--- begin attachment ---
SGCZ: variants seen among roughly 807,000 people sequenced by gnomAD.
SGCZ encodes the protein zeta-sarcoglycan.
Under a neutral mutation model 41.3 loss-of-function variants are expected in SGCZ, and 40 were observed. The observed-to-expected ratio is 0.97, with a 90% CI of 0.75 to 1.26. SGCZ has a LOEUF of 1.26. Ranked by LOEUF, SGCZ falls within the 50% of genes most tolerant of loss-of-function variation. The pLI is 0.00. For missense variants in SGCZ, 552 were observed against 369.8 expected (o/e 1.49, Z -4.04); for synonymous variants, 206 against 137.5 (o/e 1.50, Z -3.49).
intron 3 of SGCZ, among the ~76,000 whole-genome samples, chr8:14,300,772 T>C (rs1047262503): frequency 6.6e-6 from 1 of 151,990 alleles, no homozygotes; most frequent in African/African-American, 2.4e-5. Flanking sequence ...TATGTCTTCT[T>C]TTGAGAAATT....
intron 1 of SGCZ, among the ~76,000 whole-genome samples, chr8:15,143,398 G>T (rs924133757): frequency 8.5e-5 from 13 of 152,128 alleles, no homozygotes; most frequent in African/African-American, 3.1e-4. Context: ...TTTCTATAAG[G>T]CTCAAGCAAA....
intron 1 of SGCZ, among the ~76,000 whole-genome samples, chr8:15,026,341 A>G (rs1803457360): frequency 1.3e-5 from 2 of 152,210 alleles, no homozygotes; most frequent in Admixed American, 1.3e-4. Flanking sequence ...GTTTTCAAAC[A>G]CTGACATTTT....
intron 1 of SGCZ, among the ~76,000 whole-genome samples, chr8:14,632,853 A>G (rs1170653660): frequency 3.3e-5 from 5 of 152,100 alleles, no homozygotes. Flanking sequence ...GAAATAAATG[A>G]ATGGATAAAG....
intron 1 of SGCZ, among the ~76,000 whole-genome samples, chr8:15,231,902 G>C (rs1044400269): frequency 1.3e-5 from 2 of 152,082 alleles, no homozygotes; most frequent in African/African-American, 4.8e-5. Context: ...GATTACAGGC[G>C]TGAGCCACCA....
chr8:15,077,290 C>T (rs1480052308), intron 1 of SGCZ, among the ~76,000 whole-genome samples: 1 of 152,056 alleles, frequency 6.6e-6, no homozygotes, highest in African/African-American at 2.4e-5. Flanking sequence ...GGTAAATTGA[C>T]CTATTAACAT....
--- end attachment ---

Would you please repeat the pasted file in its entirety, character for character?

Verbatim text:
SGCZ: variants seen among roughly 807,000 people sequenced by gnomAD.
SGCZ encodes the protein zeta-sarcoglycan.
Under a neutral mutation model 41.3 loss-of-function variants are expected in SGCZ, and 40 were observed. The observed-to-expected ratio is 0.97, with a 90% CI of 0.75 to 1.26. SGCZ has a LOEUF of 1.26. Ranked by LOEUF, SGCZ falls within the 50% of genes most tolerant of loss-of-function variation. The pLI is 0.00. For missense variants in SGCZ, 552 were observed against 369.8 expected (o/e 1.49, Z -4.04); for synonymous variants, 206 against 137.5 (o/e 1.50, Z -3.49).
intron 3 of SGCZ, among the ~76,000 whole-genome samples, chr8:14,300,772 T>C (rs1047262503): frequency 6.6e-6 from 1 of 151,990 alleles, no homozygotes; most frequent in African/African-American, 2.4e-5. Flanking sequence ...TATGTCTTCT[T>C]TTGAGAAATT....
intron 1 of SGCZ, among the ~76,000 whole-genome samples, chr8:15,143,398 G>T (rs924133757): frequency 8.5e-5 from 13 of 152,128 alleles, no homozygotes; most frequent in African/African-American, 3.1e-4. Context: ...TTTCTATAAG[G>T]CTCAAGCAAA....
intron 1 of SGCZ, among the ~76,000 whole-genome samples, chr8:15,026,341 A>G (rs1803457360): frequency 1.3e-5 from 2 of 152,210 alleles, no homozygotes; most frequent in Admixed American, 1.3e-4. Flanking sequence ...GTTTTCAAAC[A>G]CTGACATTTT....
intron 1 of SGCZ, among the ~76,000 whole-genome samples, chr8:14,632,853 A>G (rs1170653660): frequency 3.3e-5 from 5 of 152,100 alleles, no homozygotes. Flanking sequence ...GAAATAAATG[A>G]ATGGATAAAG....
intron 1 of SGCZ, among the ~76,000 whole-genome samples, chr8:15,231,902 G>C (rs1044400269): frequency 1.3e-5 from 2 of 152,082 alleles, no homozygotes; most frequent in African/African-American, 4.8e-5. Context: ...GATTACAGGC[G>C]TGAGCCACCA....
chr8:15,077,290 C>T (rs1480052308), intron 1 of SGCZ, among the ~76,000 whole-genome samples: 1 of 152,056 alleles, frequency 6.6e-6, no homozygotes, highest in African/African-American at 2.4e-5. Flanking sequence ...GGTAAATTGA[C>T]CTATTAACAT....